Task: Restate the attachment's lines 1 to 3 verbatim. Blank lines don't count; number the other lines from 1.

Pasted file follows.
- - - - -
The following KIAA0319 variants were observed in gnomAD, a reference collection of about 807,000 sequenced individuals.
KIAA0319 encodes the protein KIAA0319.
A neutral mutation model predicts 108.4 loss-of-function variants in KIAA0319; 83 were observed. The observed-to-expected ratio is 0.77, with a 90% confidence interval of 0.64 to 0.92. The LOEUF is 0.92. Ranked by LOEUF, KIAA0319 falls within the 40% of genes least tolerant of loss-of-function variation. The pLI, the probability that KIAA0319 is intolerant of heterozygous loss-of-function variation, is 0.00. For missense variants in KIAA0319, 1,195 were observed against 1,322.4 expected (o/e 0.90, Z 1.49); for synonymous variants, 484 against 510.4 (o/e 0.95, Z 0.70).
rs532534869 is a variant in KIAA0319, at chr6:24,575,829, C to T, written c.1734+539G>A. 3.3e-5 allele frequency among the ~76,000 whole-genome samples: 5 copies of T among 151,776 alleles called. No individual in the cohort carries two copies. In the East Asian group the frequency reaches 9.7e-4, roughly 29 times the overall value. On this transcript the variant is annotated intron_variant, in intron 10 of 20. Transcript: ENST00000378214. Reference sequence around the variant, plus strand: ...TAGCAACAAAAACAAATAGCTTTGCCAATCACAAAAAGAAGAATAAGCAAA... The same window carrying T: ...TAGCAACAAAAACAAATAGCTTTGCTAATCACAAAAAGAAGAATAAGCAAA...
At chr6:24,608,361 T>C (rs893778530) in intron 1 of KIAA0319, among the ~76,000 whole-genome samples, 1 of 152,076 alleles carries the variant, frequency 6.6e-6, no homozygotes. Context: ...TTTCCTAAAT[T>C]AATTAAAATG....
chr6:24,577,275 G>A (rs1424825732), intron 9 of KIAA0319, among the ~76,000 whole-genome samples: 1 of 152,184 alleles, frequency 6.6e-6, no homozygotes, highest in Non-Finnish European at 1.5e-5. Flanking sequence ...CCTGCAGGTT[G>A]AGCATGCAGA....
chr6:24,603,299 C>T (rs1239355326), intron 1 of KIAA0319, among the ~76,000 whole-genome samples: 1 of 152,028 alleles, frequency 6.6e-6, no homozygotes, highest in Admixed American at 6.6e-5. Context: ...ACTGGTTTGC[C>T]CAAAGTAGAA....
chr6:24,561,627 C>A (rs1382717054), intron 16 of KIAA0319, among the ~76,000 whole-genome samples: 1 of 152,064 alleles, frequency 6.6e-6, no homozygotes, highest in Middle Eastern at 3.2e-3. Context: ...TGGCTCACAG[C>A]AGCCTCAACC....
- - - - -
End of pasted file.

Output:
The following KIAA0319 variants were observed in gnomAD, a reference collection of about 807,000 sequenced individuals.
KIAA0319 encodes the protein KIAA0319.
A neutral mutation model predicts 108.4 loss-of-function variants in KIAA0319; 83 were observed. The observed-to-expected ratio is 0.77, with a 90% confidence interval of 0.64 to 0.92. The LOEUF is 0.92. Ranked by LOEUF, KIAA0319 falls within the 40% of genes least tolerant of loss-of-function variation. The pLI, the probability that KIAA0319 is intolerant of heterozygous loss-of-function variation, is 0.00. For missense variants in KIAA0319, 1,195 were observed against 1,322.4 expected (o/e 0.90, Z 1.49); for synonymous variants, 484 against 510.4 (o/e 0.95, Z 0.70).